```  0 + n = n + 0 = n, for all n
1 * n = n * 1 = n, for all n
max(−∞, n) = max(n, −∞) = n, for all n
```

the result of applying the operator to a set of 0 operands should be the unit element. The sum of 0 numbers is 0, the product of 0 numbers is 1, the maximum of 0 numbers is `−∞`. Why is that? Because it's the only logical answer. Think about this: if you split array A with 10 elements in two parts, A0 and A1, with 5 elements each, you expect that sumArray(A) be equal to sumArray(A0) + sumArray(A1). You expect exactly the same result if you split A so that A0 has 3 elements and A1 has 7. It's only natural to expect the same result if you split A such that A0 has 0 elements.

5 Responses to “Another look at the anti-IF campaign”

1. Fabrizio Giudici Says:

Excellent post. Of course I think that “I much prefer the first” should be read as “I much prefer the SECOND”, right? :-)

2. matteo Says:

Thank you! And, right :-)

3. Luca Minudel Says:

These suggestions now are listed at this wiki with others (in italian) http://wiki.ugidotnet.org/default.aspx/UGIdotNETWiki/IfNon%C3%A8objectoriented.html

4. Franco Lombardo Says:

Nice work, Matteo. I’m guessing if this post, like the one about the genesis of Agile mini project, where you wrote The participants followed the TDD rules, with poor results. I learned that TDD does not necessarily result in good code nor much functionality. does express in someway your disillusion about TDD and OO myths.

5. matteo Says:

@Franco: the way you express it here you make it look like I’m disillusioned with OOP and TDD. I really am not. In fact, I’m enthusiastic about TDD and OOP.

I just do not think that TDD is like a magic dust that you can sprinkle on your work and make it suddenly right. Not so; like many good things, becoming proficient with TDD requires time, work, and dedication. The poor results of that evening could also be the result of me trying to have you do too much in too little time, with people who had a full day of work on their shoulder.

Still, what are the alternatives to TDD? Formal methods and program derivation are too difficult. Unless you’re doing aerospace-grade software, it’s not practically possible to apply them. At least I can’t apply them successfully to my work; and while I’m certainly not the brightest star when it comes to math reasoning, I’m probably average, so that most other programmers would have the same problems that I have.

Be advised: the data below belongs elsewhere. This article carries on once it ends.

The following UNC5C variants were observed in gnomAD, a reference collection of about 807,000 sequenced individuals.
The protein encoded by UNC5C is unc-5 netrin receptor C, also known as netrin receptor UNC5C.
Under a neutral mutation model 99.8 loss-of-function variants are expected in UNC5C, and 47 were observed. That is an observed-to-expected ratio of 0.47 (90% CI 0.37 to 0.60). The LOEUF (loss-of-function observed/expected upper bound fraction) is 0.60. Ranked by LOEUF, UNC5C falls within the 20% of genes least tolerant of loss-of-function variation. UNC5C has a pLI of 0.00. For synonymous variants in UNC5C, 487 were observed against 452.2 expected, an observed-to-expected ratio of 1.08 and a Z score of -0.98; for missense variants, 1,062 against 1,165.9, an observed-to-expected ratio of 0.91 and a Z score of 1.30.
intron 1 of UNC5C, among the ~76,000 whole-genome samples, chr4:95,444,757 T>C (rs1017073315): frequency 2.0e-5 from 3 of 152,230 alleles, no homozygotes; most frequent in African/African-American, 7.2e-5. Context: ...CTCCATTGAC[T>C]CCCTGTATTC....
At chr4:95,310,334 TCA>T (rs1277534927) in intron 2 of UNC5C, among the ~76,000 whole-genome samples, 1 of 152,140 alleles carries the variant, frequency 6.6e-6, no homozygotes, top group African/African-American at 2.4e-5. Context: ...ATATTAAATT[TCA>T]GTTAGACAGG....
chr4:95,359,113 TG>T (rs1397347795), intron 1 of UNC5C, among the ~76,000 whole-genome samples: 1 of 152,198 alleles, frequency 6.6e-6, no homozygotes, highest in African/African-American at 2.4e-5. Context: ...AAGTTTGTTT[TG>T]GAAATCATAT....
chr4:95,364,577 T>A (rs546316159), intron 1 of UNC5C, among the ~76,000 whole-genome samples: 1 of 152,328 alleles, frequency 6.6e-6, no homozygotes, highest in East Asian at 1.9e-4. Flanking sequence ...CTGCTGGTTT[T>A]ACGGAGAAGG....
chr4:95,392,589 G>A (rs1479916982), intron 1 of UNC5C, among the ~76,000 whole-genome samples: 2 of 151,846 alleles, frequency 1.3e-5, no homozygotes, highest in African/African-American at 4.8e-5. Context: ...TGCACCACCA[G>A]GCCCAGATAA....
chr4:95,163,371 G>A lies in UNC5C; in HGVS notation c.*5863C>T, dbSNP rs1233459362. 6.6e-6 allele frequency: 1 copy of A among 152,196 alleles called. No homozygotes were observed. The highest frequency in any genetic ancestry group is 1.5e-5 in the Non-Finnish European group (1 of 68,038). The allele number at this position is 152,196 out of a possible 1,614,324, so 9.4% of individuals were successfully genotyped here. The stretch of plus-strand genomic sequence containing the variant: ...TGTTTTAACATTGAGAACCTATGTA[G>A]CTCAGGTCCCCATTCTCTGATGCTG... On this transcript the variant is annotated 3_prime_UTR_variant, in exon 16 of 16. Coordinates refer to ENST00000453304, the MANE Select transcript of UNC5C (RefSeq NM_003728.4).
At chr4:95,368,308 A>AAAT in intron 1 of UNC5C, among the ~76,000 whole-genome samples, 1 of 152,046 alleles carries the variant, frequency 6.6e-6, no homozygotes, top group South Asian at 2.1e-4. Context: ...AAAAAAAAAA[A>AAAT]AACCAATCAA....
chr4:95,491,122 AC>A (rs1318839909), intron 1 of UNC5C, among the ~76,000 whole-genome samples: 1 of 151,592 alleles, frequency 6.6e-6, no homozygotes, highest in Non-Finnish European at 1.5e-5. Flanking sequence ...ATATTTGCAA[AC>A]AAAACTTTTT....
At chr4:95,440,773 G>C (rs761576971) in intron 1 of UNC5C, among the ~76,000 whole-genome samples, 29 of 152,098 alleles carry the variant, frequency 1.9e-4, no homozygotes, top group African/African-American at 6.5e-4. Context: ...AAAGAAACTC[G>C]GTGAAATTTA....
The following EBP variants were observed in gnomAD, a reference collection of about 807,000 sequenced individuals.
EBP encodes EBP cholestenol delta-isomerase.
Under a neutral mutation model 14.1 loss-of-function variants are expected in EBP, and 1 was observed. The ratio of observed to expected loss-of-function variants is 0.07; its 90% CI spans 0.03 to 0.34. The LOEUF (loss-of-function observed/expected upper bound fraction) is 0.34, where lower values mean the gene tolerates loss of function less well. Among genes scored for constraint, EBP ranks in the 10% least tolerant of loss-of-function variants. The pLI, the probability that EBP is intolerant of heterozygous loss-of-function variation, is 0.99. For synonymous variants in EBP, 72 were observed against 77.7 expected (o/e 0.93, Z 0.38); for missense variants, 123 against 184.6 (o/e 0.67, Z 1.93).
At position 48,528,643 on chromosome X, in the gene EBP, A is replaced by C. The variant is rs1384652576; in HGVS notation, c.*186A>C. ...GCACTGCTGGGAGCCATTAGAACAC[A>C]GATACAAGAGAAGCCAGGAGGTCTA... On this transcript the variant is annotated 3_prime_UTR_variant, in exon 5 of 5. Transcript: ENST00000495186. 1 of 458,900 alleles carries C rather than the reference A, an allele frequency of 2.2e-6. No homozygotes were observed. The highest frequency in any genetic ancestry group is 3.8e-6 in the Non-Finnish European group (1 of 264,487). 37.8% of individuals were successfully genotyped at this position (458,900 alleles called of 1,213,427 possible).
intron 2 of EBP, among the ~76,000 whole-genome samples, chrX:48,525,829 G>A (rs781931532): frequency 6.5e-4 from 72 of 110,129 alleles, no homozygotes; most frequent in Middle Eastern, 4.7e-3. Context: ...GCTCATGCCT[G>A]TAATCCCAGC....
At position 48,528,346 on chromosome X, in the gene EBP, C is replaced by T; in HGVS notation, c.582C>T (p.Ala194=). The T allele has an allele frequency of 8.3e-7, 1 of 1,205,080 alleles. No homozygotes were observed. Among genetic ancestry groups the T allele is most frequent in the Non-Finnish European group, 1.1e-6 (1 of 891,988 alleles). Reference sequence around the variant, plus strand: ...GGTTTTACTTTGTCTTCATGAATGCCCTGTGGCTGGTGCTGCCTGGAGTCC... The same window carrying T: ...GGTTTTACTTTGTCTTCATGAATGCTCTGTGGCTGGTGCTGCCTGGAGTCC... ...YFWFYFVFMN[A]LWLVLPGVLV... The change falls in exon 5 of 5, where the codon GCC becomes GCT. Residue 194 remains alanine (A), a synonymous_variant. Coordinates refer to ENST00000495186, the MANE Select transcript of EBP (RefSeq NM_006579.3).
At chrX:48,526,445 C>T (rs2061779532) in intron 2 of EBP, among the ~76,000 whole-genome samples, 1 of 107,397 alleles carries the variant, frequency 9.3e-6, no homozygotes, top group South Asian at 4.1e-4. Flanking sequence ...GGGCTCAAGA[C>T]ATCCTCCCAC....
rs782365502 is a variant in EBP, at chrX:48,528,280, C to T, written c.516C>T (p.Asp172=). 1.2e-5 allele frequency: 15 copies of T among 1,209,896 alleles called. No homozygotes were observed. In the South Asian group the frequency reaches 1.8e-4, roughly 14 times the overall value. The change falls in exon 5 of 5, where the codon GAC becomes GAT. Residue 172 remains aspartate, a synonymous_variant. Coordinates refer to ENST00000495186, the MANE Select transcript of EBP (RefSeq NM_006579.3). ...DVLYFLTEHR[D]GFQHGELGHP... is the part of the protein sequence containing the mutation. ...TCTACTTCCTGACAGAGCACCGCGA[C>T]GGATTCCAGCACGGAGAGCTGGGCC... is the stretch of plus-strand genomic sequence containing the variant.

What other method there is? “Guessing a correct solution and expressing it in correct code that is also readable and mantainable” is not really a method, it’s a goal. How do you get there reliably? A few gifted individuals can do that. I know I can’t, and even if I did, I could not teach this to others. It’s really code and fix: if you’re good you can make it work, sometimes.

What else? The conventional advice is that you do “design” before coding. I have no objection to that; I do design in my head before coding, I often discuss design with collegues so that we all understand what we’re trying to do. You just have to be ready to change the design when you find it’s not adequate. A design is like a plan, and “no plan survives contact with the enemy”, that is, when you try to execute your design you realize it’s not adequate. So, no matter how much design you do, you are still left with coding as a difficult technical activity.

I think TDD is the most exciting and useful advance in programming technique since OOP. The technique is still evolving and I’m ready to believe that it’s not the end of the story, and some day something better will be found to replace it. That day, I hope I’ll be around to be excited about it.

In any case, I did not mean to say that the OO techniques for decreasing program complexity are less or more valuable than the ones I present here. What I’m telling you here is just a different angle.